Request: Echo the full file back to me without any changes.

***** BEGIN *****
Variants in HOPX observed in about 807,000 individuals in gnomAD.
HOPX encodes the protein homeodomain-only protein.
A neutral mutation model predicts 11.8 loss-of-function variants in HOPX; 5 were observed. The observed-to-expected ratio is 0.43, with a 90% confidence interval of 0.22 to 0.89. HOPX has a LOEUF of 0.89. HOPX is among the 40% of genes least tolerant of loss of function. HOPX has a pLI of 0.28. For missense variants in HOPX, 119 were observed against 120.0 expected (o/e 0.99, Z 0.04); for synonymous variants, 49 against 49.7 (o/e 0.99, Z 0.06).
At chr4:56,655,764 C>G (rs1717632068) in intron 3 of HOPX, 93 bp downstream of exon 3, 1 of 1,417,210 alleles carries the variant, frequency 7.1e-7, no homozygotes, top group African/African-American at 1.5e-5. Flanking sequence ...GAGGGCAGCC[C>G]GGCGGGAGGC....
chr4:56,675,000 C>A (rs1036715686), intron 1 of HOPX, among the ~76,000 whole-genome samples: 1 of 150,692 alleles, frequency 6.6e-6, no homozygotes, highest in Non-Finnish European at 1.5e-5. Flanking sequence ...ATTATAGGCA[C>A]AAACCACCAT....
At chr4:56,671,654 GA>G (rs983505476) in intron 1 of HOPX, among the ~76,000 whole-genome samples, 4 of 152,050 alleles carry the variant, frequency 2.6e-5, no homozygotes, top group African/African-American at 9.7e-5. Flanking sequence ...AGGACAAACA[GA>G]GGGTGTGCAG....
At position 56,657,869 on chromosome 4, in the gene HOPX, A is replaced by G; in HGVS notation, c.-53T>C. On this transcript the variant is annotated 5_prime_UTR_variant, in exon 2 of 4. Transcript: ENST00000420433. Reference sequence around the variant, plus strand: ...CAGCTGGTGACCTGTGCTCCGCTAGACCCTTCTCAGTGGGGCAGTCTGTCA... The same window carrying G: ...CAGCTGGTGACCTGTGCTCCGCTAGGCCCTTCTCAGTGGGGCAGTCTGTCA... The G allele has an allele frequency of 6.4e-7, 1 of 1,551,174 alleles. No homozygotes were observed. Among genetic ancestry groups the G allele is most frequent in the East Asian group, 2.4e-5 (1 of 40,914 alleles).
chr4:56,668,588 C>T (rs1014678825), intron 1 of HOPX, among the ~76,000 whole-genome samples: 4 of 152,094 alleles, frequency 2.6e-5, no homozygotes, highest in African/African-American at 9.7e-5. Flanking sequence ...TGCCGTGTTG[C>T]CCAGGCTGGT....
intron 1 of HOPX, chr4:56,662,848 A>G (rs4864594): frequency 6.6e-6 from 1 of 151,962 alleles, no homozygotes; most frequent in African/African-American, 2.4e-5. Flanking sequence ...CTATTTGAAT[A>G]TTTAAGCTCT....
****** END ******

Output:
Variants in HOPX observed in about 807,000 individuals in gnomAD.
HOPX encodes the protein homeodomain-only protein.
A neutral mutation model predicts 11.8 loss-of-function variants in HOPX; 5 were observed. The observed-to-expected ratio is 0.43, with a 90% confidence interval of 0.22 to 0.89. HOPX has a LOEUF of 0.89. HOPX is among the 40% of genes least tolerant of loss of function. HOPX has a pLI of 0.28. For missense variants in HOPX, 119 were observed against 120.0 expected (o/e 0.99, Z 0.04); for synonymous variants, 49 against 49.7 (o/e 0.99, Z 0.06).
At chr4:56,655,764 C>G (rs1717632068) in intron 3 of HOPX, 93 bp downstream of exon 3, 1 of 1,417,210 alleles carries the variant, frequency 7.1e-7, no homozygotes, top group African/African-American at 1.5e-5. Flanking sequence ...GAGGGCAGCC[C>G]GGCGGGAGGC....
chr4:56,675,000 C>A (rs1036715686), intron 1 of HOPX, among the ~76,000 whole-genome samples: 1 of 150,692 alleles, frequency 6.6e-6, no homozygotes, highest in Non-Finnish European at 1.5e-5. Flanking sequence ...ATTATAGGCA[C>A]AAACCACCAT....
At chr4:56,671,654 GA>G (rs983505476) in intron 1 of HOPX, among the ~76,000 whole-genome samples, 4 of 152,050 alleles carry the variant, frequency 2.6e-5, no homozygotes, top group African/African-American at 9.7e-5. Flanking sequence ...AGGACAAACA[GA>G]GGGTGTGCAG....
At position 56,657,869 on chromosome 4, in the gene HOPX, A is replaced by G; in HGVS notation, c.-53T>C. On this transcript the variant is annotated 5_prime_UTR_variant, in exon 2 of 4. Transcript: ENST00000420433. Reference sequence around the variant, plus strand: ...CAGCTGGTGACCTGTGCTCCGCTAGACCCTTCTCAGTGGGGCAGTCTGTCA... The same window carrying G: ...CAGCTGGTGACCTGTGCTCCGCTAGGCCCTTCTCAGTGGGGCAGTCTGTCA... The G allele has an allele frequency of 6.4e-7, 1 of 1,551,174 alleles. No homozygotes were observed. Among genetic ancestry groups the G allele is most frequent in the East Asian group, 2.4e-5 (1 of 40,914 alleles).
chr4:56,668,588 C>T (rs1014678825), intron 1 of HOPX, among the ~76,000 whole-genome samples: 4 of 152,094 alleles, frequency 2.6e-5, no homozygotes, highest in African/African-American at 9.7e-5. Flanking sequence ...TGCCGTGTTG[C>T]CCAGGCTGGT....
intron 1 of HOPX, chr4:56,662,848 A>G (rs4864594): frequency 6.6e-6 from 1 of 151,962 alleles, no homozygotes; most frequent in African/African-American, 2.4e-5. Flanking sequence ...CTATTTGAAT[A>G]TTTAAGCTCT....